The life-sized images covering the windows and walls of the building that houses the Island Moving Company are effortless in their look. Lithesome dancers leap into the air, their movements accentuated by white powder (flour in this case) flying in all directions. The images are dramatic, beautiful portraits of the eight principal dancers at the company, along with some of the children (sans flour) who attend ballet classes here.
“What I was interested in doing was creating an image that would explode off the page,” says Clint Clemens, the photographer who, along with his wife, Kelly, came up with the idea for the installation. Their goal? To help put this boutique ballet company on the map for Newport residents and a broader audience at large.
Despite their ethereal appeal, an incredible amount of effort went into organizing, executing, editing, printing, and finally installing these images meant to highlight this small, yet talented dance troupe, which rehearses near Washington Square in Newport. The neighborhood itself is quickly becoming the city’s arts district thanks to the historic Jane Pickens Theater, ongoing renovation of the Opera House Theater, and opening of several galleries. Now, this remarkable installation – with it’s stunning, black-and-white photos that span massive upper-story windows – brings the story of the Island Moving Company, along with the neighborhood, immediately into view.
“Clint’s art is experiential,” says Miki Ohlsen, who has been artistic director of the IMC since it was founded in 1982, of the photographer’s stylistic, emotive work. “To me, a piece of art has to give you a visceral feeling. That’s the only way to be drawn in.” During discussions with Clint and Kelly, says Miki, it became clear that the oversized photos would both draw attention to the IMC building and tell the company’s story. All parties agreed that the project should not only bring attention to the company, but also give the dancers themselves a sense of pride in being part of this unique company. “We want them to walk through the doors and say ‘I belong here,’” says Kelly.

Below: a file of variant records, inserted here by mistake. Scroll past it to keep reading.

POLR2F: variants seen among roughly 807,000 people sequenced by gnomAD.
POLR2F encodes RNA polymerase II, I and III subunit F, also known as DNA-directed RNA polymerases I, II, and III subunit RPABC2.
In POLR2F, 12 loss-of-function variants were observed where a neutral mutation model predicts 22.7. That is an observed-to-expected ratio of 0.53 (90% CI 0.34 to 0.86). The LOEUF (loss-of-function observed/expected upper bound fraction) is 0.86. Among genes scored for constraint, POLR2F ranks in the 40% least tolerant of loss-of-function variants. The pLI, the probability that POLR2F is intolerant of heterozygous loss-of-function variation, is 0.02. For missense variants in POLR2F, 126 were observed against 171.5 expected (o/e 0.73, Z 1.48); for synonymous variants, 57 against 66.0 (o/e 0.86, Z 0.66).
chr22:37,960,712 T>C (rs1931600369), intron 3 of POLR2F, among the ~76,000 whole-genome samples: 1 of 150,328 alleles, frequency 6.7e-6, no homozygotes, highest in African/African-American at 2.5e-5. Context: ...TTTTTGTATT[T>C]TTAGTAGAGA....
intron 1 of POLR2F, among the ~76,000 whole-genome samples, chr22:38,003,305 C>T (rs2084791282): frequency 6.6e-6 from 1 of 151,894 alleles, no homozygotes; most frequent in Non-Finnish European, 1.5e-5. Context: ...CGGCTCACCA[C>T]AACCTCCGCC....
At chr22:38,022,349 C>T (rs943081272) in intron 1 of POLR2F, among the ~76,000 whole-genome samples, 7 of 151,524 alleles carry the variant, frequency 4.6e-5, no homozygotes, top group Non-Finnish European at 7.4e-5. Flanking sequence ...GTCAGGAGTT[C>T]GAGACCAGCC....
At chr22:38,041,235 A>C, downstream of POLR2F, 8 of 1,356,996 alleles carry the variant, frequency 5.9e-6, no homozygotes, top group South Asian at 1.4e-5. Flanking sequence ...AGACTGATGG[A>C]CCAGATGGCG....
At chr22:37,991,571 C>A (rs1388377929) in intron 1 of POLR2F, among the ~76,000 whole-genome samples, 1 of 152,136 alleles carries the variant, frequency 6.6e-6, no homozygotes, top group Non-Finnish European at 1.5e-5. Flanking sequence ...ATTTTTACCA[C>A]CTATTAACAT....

As a professional photographer, Clint has created ad campaigns for the likes of Jaguar and Porsche, while Kelly is a creative director and producer. The husband-and-wife team became involved with IMC when they played characters in the company’s 2015 Nutcracker performance. Kelly, a ballroom dancer, took Clint to a rehearsal, which is when he realized that the building could use a bit of a facelift. Enthusiastic about the organization’s talent and potential, the couple began brainstorming ways to expand its presence, and offered to help create a marketing campaign that would both enlighten its viewers and attract potential donors.
With help from benefactors and volunteers, Clint started shooting last spring, and installation began this past month. By the end of January 2017, about 25 photographs will cover the studio’s various windows and walls. Vivacious and stunning, the dancers spring off the walls in Washington Square with enough spirit to make viewers wonder what’s going on inside. Equally important, though perhaps less obvious to passers-by, is the statement about commitment to community that’s part of the IMC mission. That dedication was an essential part of getting this project off the ground, as was the spirit of collaboration – it was one art form helping another. After all, says Clint, “Isn’t that what it’s all about?”
All photos courtesy of Clint Clemens, except where noted.